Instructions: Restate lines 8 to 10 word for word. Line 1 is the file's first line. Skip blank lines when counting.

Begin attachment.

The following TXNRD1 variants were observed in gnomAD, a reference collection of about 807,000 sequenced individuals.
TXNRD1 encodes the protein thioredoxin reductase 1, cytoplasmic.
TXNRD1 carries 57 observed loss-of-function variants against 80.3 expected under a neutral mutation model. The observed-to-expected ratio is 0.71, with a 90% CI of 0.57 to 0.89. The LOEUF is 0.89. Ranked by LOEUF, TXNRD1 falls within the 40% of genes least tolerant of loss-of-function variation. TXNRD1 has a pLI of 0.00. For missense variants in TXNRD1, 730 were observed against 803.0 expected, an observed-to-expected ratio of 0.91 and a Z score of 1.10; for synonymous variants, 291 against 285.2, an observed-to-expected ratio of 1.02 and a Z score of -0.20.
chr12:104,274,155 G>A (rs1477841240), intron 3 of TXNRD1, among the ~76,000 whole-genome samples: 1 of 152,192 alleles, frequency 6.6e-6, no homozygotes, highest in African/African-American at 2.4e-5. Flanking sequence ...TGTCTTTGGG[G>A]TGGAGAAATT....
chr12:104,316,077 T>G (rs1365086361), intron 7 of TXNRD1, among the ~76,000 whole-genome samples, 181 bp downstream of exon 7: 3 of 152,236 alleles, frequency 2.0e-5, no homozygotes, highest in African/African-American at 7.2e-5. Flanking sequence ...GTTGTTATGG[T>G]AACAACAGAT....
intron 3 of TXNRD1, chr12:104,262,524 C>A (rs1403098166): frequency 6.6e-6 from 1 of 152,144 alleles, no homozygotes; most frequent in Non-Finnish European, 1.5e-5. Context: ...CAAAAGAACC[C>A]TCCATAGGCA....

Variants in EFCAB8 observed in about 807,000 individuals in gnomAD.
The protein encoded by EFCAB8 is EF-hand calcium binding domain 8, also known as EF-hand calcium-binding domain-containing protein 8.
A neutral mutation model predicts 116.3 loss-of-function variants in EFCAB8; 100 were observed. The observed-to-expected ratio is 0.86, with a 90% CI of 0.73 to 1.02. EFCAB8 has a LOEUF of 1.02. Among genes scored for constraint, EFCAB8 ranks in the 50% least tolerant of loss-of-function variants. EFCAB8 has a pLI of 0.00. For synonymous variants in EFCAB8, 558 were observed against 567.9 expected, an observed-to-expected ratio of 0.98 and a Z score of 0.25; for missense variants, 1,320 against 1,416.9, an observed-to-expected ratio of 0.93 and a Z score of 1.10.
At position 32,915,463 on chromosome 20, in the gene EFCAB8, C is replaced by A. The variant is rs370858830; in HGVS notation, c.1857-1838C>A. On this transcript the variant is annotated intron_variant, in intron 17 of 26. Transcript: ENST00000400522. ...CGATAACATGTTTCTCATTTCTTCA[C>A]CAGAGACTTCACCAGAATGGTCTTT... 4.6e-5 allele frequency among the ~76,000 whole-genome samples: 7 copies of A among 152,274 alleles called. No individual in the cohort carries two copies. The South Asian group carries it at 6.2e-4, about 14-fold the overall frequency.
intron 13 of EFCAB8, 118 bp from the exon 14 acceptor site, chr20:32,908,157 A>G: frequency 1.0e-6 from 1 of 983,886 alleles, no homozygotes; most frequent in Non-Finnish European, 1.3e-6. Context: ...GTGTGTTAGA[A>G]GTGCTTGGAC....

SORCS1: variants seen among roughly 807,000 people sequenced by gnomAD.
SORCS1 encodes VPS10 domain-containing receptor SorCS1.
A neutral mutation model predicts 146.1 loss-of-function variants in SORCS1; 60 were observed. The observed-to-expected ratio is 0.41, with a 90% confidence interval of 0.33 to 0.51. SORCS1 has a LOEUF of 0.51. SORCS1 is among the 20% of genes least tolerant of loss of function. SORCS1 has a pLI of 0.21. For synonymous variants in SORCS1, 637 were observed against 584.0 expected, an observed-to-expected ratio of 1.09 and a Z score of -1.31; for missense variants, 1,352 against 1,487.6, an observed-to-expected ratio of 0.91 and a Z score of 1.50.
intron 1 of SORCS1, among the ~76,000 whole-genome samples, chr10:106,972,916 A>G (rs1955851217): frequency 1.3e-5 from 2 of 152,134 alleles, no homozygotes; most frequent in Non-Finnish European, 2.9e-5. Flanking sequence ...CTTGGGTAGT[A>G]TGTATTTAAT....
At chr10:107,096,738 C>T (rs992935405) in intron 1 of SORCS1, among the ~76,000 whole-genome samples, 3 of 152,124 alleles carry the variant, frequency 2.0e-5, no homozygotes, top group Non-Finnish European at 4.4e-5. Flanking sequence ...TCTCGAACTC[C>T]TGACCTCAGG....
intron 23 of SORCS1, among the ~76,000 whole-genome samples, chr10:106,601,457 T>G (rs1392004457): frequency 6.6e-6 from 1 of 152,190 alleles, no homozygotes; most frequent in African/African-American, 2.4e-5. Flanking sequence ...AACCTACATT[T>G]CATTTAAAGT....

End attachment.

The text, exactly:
The protein encoded by EFCAB8 is EF-hand calcium binding domain 8, also known as EF-hand calcium-binding domain-containing protein 8.
A neutral mutation model predicts 116.3 loss-of-function variants in EFCAB8; 100 were observed. The observed-to-expected ratio is 0.86, with a 90% CI of 0.73 to 1.02. EFCAB8 has a LOEUF of 1.02. Among genes scored for constraint, EFCAB8 ranks in the 50% least tolerant of loss-of-function variants. EFCAB8 has a pLI of 0.00. For synonymous variants in EFCAB8, 558 were observed against 567.9 expected, an observed-to-expected ratio of 0.98 and a Z score of 0.25; for missense variants, 1,320 against 1,416.9, an observed-to-expected ratio of 0.93 and a Z score of 1.10.
At position 32,915,463 on chromosome 20, in the gene EFCAB8, C is replaced by A. The variant is rs370858830; in HGVS notation, c.1857-1838C>A. On this transcript the variant is annotated intron_variant, in intron 17 of 26. Transcript: ENST00000400522. ...CGATAACATGTTTCTCATTTCTTCA[C>A]CAGAGACTTCACCAGAATGGTCTTT... 4.6e-5 allele frequency among the ~76,000 whole-genome samples: 7 copies of A among 152,274 alleles called. No individual in the cohort carries two copies. The South Asian group carries it at 6.2e-4, about 14-fold the overall frequency.